Since high-income people have, by definition, a lot of income there's always a lot of market demand for arguments about why high-income people should pay less in taxes. And exactly as basic economic theory would predict, this has produces a kind of blossoming of innovative thinking about why this is a good idea. It turns out that human beings are capable of coming up with any number of different policy problems to which tax cuts are the solution. But recently, I have noticed diminishing returns in this field. Which is what makes these remarks from John Taylor so remarkable. He's gone beyond first-order innovations in the field of tax cut rationalization to offer an important meta-innovation:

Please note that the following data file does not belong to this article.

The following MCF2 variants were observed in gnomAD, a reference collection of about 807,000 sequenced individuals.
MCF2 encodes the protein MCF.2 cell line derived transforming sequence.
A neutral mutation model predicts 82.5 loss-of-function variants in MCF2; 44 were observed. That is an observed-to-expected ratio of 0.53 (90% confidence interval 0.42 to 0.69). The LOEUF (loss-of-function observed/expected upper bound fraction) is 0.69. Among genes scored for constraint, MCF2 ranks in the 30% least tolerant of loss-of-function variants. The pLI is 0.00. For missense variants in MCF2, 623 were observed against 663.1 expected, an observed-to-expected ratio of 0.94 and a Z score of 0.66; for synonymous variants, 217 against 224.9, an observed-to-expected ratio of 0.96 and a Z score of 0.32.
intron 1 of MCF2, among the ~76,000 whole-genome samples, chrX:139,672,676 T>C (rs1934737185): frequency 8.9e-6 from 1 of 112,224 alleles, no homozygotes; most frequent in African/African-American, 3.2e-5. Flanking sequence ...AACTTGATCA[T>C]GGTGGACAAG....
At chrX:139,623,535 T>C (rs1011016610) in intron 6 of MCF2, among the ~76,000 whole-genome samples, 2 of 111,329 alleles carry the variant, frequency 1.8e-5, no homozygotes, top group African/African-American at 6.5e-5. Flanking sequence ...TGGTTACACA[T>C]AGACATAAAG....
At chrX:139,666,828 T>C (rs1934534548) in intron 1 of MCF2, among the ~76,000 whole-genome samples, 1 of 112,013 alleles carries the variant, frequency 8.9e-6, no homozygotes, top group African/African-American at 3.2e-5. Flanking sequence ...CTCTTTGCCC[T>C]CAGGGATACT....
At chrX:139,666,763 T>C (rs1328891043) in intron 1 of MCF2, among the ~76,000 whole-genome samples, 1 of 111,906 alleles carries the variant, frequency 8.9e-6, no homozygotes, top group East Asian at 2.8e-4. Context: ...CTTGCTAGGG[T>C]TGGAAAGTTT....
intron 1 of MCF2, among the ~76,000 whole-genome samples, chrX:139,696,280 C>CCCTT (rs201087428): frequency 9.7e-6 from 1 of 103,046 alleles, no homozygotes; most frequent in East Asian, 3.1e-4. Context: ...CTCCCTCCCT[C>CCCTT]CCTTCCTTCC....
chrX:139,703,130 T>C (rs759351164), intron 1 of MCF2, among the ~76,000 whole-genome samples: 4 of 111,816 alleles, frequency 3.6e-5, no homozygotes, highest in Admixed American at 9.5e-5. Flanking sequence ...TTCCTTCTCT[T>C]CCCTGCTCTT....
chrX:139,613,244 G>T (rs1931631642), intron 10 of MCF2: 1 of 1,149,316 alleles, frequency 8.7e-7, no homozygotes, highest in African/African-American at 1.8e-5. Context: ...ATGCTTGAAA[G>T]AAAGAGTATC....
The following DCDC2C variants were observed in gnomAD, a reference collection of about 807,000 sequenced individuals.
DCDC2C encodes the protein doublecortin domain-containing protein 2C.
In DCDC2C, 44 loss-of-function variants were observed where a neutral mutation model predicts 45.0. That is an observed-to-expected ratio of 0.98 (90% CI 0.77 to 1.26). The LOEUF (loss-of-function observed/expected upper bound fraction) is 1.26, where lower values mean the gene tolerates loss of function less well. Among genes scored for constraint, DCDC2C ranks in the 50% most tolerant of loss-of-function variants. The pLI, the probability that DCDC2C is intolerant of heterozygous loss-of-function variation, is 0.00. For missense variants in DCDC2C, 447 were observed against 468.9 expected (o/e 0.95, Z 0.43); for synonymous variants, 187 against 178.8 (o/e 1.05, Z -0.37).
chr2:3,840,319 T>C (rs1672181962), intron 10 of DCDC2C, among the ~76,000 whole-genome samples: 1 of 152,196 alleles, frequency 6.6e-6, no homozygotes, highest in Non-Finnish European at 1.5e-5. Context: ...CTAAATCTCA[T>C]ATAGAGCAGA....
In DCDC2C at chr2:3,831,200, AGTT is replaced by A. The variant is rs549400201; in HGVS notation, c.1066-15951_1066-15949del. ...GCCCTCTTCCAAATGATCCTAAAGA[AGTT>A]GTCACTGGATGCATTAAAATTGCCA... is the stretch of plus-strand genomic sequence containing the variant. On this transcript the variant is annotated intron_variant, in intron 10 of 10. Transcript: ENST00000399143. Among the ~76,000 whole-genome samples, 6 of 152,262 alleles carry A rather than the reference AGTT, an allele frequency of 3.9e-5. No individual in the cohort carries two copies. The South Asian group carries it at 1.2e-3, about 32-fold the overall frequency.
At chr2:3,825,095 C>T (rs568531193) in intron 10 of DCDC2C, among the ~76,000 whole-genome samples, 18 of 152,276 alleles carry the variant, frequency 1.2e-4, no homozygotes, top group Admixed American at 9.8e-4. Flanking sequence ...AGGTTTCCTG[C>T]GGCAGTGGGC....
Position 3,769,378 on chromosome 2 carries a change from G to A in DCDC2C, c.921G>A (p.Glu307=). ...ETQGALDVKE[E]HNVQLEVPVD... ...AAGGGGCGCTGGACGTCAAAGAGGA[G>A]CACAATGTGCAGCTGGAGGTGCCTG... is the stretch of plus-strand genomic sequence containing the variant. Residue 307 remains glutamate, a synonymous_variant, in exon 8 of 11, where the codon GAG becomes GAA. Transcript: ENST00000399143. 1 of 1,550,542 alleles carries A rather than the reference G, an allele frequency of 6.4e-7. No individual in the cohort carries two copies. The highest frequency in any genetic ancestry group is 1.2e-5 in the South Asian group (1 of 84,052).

Ed Prescott had the most dramatic policy proposal which he argued would cause a major boom and restore strong growth. He would simultaneously reform the tax code and entitlement programs by slashing marginal tax rates which would increase employment and productivity.
See what he did here? Ed Prescott came up with the absolute most banal idea imaginable for a conservative economist and Taylor just asserted that it was dramatic and exciting! What's that? Tax cuts? How "dramatic." If only the Bush administration had thought of that we wouldn't even be in this situation. For substantive commentary on Taylor see Noah Smith. For smart ideas on taxes see Robert Frank.
TODAY IN SLATE
The Self-Made Man
The story of America’s most pliable, pernicious, irrepressible myth.
Does Your Child Have Sluggish Cognitive Tempo? Or Is That Just a Disorder Made Up to Scare You?
Mitt Romney May Be Weighing a 2016 Run. That Would Be a Big Mistake.
Amazing Photos From Hong Kong’s Umbrella Revolution
Rehtaeh Parsons Was the Most Famous Victim in Canada. Now, Journalists Can’t Even Say Her Name.
Transparent is the fall’s only great new show.
Lena Dunham, the Book
More shtick than honesty in Not That Kind of Girl.